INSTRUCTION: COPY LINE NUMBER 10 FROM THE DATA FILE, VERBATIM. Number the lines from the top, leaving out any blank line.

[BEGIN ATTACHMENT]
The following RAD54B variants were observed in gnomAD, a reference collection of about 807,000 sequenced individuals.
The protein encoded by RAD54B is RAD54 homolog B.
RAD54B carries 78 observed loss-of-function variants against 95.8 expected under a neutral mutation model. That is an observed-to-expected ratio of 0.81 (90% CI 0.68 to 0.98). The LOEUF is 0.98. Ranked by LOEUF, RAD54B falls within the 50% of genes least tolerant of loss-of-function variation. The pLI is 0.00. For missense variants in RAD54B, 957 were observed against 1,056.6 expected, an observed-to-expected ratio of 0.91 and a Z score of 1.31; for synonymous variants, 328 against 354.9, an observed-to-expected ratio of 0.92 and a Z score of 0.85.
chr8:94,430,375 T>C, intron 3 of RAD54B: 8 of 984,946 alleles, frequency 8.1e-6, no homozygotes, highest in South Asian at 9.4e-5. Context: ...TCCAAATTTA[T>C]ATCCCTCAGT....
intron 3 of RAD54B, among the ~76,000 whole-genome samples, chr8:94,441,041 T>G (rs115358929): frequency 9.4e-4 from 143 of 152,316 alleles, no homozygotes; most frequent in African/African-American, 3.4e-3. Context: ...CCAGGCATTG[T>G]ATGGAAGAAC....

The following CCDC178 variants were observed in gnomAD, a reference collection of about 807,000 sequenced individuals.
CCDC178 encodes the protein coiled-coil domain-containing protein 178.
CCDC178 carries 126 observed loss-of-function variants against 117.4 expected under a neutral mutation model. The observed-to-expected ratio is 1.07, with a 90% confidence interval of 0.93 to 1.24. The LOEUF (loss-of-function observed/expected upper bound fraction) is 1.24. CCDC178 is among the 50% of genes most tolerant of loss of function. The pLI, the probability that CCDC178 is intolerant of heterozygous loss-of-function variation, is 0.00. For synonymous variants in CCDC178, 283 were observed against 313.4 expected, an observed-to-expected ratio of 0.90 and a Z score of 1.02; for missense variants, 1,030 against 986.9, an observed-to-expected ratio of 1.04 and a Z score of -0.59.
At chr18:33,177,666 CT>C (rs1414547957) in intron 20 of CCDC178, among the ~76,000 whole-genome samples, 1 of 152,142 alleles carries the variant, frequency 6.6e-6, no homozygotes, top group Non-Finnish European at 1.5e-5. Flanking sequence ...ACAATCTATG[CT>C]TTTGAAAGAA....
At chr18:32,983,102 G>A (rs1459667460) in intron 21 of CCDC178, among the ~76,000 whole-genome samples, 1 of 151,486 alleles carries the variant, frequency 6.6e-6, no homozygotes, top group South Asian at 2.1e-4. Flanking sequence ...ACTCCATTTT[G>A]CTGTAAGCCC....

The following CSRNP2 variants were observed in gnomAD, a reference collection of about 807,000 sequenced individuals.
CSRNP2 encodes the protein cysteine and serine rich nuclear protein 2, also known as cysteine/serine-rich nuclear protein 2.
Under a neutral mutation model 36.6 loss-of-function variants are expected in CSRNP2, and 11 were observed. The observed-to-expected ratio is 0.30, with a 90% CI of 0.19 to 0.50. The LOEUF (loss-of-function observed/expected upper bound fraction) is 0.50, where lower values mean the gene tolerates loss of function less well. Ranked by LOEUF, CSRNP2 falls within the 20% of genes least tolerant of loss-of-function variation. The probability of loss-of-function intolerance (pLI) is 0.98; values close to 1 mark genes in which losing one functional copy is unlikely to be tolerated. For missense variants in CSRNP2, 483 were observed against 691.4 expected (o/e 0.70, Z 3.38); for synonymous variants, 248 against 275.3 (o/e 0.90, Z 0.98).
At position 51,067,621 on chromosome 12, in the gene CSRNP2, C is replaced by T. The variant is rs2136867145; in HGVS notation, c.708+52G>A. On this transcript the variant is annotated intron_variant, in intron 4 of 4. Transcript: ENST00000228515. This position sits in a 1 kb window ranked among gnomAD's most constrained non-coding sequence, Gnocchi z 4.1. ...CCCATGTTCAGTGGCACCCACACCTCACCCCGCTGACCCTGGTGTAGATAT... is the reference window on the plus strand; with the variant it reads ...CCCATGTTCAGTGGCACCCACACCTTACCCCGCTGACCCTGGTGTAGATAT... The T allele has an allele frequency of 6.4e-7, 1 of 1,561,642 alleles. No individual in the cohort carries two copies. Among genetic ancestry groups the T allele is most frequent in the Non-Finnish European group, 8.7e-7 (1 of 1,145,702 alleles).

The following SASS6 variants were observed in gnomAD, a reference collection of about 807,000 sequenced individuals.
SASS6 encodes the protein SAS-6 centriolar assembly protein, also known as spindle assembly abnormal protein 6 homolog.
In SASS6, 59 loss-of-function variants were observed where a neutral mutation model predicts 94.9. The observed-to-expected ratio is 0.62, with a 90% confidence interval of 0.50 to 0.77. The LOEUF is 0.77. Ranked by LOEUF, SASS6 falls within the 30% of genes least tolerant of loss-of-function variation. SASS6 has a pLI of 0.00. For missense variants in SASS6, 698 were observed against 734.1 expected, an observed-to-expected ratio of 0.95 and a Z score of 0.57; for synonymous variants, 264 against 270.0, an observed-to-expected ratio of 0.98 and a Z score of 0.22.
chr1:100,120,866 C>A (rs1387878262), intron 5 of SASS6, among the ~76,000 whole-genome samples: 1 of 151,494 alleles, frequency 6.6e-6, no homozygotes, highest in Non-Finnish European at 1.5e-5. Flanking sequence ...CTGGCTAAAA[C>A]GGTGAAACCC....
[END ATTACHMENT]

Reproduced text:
At chr18:32,983,102 G>A (rs1459667460) in intron 21 of CCDC178, among the ~76,000 whole-genome samples, 1 of 151,486 alleles carries the variant, frequency 6.6e-6, no homozygotes, top group South Asian at 2.1e-4. Flanking sequence ...ACTCCATTTT[G>A]CTGTAAGCCC....